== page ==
Don’t Worry Data Scientists, We Will Still Need You


Does predictive automation completely replace data scientists?  Definitely not – a human can understand the semantics in the data, derive new data fields based on their domain knowledge, and can create far more complicated models without so many iterations.  However for those that do not have the knowledge or skills, the automated way gets you pretty darn close - and a whole lot faster.


The massive influx of business users with access to predictive analytics reduces the burden on (typically) overloaded data scientists by freeing them up from some of the more “simpler” problems that could be handled by users directly and letting them work on the more sophisticated predictive problems.  Sounds like win-win doesn’t it?


Interestingly, many data scientists can also benefit from the use of automated predictive technology to better understand their data and create baseline models *before* they dive into creating their own models by hand.  By having a computer do the initial analysis, a data scientist can save hours to days of data profiling before getting down to the core predictive modelling they are being paid those big bucks for.  In some cases, the automatically generated models may be solid enough to solve a problem without requiring any manual modelling.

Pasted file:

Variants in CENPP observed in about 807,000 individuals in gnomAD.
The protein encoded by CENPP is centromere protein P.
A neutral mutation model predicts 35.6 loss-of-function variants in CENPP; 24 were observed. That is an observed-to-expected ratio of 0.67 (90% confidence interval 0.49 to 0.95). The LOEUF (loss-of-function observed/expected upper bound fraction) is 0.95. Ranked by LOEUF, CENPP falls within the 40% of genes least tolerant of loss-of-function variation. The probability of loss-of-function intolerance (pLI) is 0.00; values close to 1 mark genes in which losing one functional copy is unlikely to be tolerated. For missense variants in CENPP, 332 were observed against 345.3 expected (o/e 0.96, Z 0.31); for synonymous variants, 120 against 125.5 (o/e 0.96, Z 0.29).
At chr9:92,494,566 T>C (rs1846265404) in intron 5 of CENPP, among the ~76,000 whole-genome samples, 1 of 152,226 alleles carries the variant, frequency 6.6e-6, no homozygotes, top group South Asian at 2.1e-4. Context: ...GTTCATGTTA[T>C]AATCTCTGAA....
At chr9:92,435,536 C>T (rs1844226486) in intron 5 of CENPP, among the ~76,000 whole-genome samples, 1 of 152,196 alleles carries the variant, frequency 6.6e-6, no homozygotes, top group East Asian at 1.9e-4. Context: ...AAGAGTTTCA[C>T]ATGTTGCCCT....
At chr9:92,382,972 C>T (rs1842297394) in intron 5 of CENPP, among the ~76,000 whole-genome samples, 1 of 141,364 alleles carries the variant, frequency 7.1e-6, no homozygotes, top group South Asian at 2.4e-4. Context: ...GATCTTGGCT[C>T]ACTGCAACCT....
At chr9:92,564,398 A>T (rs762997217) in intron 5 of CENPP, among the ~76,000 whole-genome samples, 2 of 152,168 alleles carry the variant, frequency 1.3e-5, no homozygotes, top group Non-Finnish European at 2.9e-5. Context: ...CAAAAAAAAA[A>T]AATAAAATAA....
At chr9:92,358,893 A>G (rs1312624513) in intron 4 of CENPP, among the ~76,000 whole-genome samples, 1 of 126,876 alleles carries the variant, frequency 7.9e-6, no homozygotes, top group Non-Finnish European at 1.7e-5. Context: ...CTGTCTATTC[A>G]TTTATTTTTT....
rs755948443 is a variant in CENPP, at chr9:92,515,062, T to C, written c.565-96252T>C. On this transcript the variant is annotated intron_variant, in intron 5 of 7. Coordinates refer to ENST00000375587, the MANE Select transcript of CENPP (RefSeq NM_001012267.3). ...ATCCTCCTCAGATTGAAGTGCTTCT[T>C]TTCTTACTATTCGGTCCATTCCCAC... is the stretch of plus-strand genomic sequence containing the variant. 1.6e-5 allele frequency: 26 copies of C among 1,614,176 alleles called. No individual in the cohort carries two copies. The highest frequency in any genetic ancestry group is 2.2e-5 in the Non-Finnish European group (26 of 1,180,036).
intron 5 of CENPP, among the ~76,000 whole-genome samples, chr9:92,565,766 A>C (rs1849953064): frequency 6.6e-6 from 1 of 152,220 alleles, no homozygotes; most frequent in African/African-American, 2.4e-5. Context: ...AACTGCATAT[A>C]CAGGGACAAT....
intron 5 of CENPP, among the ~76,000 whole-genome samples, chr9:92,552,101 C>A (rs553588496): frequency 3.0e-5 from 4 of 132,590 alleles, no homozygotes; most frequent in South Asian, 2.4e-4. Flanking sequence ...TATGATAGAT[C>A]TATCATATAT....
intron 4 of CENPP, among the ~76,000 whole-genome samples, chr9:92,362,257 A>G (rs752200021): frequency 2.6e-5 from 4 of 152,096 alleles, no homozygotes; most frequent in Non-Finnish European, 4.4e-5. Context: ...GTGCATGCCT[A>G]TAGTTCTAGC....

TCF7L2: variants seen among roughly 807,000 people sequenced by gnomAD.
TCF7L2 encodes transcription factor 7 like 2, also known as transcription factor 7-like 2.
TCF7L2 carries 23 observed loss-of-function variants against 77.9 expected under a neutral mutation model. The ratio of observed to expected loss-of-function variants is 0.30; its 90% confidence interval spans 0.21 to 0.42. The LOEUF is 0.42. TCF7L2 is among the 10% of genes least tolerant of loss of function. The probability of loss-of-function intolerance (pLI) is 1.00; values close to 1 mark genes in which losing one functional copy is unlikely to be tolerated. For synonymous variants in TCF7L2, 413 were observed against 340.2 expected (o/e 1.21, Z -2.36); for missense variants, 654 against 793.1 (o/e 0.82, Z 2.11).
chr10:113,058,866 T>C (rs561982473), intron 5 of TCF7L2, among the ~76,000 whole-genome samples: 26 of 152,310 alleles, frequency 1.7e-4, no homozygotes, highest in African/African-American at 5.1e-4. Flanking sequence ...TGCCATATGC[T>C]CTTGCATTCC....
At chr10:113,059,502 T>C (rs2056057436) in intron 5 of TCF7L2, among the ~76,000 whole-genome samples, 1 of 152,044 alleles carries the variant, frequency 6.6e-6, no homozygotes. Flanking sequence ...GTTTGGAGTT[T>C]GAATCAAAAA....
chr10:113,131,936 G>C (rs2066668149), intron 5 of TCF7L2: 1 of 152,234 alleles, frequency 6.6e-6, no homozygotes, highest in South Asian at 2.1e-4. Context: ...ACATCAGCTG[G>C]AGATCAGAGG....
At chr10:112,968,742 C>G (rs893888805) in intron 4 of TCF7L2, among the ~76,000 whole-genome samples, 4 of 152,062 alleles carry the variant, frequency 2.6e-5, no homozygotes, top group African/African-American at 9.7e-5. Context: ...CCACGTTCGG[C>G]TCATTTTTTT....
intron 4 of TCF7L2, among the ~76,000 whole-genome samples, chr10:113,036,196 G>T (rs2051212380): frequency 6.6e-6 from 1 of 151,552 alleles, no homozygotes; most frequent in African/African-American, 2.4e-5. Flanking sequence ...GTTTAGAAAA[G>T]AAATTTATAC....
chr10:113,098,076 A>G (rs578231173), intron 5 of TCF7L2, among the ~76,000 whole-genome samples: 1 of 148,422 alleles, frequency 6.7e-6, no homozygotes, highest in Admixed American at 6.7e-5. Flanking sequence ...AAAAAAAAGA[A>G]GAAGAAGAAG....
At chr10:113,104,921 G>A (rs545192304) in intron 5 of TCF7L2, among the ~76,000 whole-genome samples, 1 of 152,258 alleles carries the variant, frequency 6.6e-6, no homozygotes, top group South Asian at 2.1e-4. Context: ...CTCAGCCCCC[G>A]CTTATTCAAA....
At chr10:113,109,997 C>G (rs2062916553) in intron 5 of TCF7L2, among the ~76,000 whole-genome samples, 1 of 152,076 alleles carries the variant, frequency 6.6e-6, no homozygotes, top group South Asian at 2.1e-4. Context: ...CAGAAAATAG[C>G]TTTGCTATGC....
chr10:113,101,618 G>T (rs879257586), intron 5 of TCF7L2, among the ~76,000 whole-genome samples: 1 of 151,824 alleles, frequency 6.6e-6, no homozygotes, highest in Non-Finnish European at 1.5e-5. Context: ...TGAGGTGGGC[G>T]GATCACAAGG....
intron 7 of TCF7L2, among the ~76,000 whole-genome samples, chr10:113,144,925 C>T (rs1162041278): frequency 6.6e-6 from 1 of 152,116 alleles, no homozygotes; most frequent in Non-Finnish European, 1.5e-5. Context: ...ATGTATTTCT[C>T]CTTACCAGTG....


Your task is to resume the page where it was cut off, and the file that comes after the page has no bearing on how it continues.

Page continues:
In The Future, It Won’t Matter


The field of predictive analytics is maturing at its fastest rate ever and the move towards more ease of use and simplicity will eventually reach a plateau, just like standing up a full Hadoop cluster in the cloud can be done in under ten minutes today.   The focus will shift from “which is the best algorithm to use when?” to “how I can use these predictive results to improve the business?”.  


The number of predictive models needed will explode as companies explore micro-segmentation and the (potentially) small gain of a single manually crafted model will give way to the need to create hundreds of models per day.


So to you data scientists out there: We will always need your skills, your experience, and your wisdom.


But take it from someone who has been through this cycle and had his computer geekdom commoditized – automation opens up predictive analytics to everybody, so just remember: “It’s not all about you”. :wink:



You can try SAP Predictive Analytics and all of its automated predictive goodness for free by downloading it at